In 1753, a 600-acre section of land on the eastern boundary of the fertile farming tract at Draper's Meadows was selected by William Lippard. The map shows the modern boundaries of Blacksburg superimposed on a plan of the earliest land grants. There is no evidence that the land was occupied for many years, but in 1772 the tract was purchased by Samuel Black of Augusta County, the son of a Scotch-Irish immigrant. Toward the end of the eighteenth century, his son, William Black, proposed the establishment of a town on his well-watered tract and apparently received the support of most of his neighbors for what was undoubtedly a profitable endeavor. The town is shown by the small grid in the center of the Lippard tract. The development of a town like Blacksburg was a factor of the local structure of commerce and crafts in the agricultural upland South, where compact commercial centers were often desirable chiefly for the settlement of non-farming tradesmen and skilled workers.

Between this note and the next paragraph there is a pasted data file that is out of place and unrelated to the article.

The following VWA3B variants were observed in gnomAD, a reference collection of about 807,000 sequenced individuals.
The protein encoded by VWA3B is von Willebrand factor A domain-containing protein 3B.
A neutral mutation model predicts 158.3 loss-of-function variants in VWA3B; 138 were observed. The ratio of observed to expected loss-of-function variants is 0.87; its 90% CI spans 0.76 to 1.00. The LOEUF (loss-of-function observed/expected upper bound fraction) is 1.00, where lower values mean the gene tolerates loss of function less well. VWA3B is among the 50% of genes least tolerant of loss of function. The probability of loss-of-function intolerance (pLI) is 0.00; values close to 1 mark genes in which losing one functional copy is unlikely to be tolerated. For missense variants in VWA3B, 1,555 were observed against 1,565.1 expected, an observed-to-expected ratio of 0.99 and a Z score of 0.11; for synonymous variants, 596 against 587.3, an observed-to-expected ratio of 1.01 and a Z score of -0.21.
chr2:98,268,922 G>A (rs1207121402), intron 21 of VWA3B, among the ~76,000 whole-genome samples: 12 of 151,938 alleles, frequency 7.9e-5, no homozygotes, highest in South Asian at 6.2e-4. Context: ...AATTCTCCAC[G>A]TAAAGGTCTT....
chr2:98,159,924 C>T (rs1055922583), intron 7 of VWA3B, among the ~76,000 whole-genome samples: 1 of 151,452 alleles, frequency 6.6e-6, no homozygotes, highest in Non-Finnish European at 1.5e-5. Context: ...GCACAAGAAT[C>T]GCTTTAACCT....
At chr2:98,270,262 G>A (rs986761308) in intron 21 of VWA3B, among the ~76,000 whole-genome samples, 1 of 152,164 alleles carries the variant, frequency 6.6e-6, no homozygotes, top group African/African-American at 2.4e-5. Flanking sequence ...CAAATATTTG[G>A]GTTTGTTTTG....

Blacksburg was formally established in 1798. The town that William Black had laid off the previous year was a rectilinear grid of sixteen blocks. The sloping space between Main Street and what is now known as Draper Road was occupied by the first range of four two-acre blocks; three more ranges filled in the rest of the town land. Each block was divided into four half-acre lots. Tax records and surviving buildings indicate that the earliest structures in the town were built of log. By the second decade of the nineteenth century wealthy families were constructing middling and large houses of brick, but most houses were still built of the traditional log material and consisted of one or two rooms.



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